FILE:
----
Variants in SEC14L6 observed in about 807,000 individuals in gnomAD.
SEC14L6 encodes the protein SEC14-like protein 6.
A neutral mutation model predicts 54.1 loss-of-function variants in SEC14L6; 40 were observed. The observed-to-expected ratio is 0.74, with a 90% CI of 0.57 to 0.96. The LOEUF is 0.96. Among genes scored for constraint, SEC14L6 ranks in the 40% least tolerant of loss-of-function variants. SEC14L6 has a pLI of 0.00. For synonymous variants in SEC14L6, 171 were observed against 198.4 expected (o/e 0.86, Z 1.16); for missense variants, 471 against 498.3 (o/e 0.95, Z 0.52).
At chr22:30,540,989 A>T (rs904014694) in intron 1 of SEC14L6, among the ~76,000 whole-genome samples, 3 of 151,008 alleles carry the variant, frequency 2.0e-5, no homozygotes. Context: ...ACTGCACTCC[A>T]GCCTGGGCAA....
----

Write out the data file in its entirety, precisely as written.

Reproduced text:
Variants in SEC14L6 observed in about 807,000 individuals in gnomAD.
SEC14L6 encodes the protein SEC14-like protein 6.
A neutral mutation model predicts 54.1 loss-of-function variants in SEC14L6; 40 were observed. The observed-to-expected ratio is 0.74, with a 90% CI of 0.57 to 0.96. The LOEUF is 0.96. Among genes scored for constraint, SEC14L6 ranks in the 40% least tolerant of loss-of-function variants. SEC14L6 has a pLI of 0.00. For synonymous variants in SEC14L6, 171 were observed against 198.4 expected (o/e 0.86, Z 1.16); for missense variants, 471 against 498.3 (o/e 0.95, Z 0.52).
At chr22:30,540,989 A>T (rs904014694) in intron 1 of SEC14L6, among the ~76,000 whole-genome samples, 3 of 151,008 alleles carry the variant, frequency 2.0e-5, no homozygotes. Context: ...ACTGCACTCC[A>T]GCCTGGGCAA....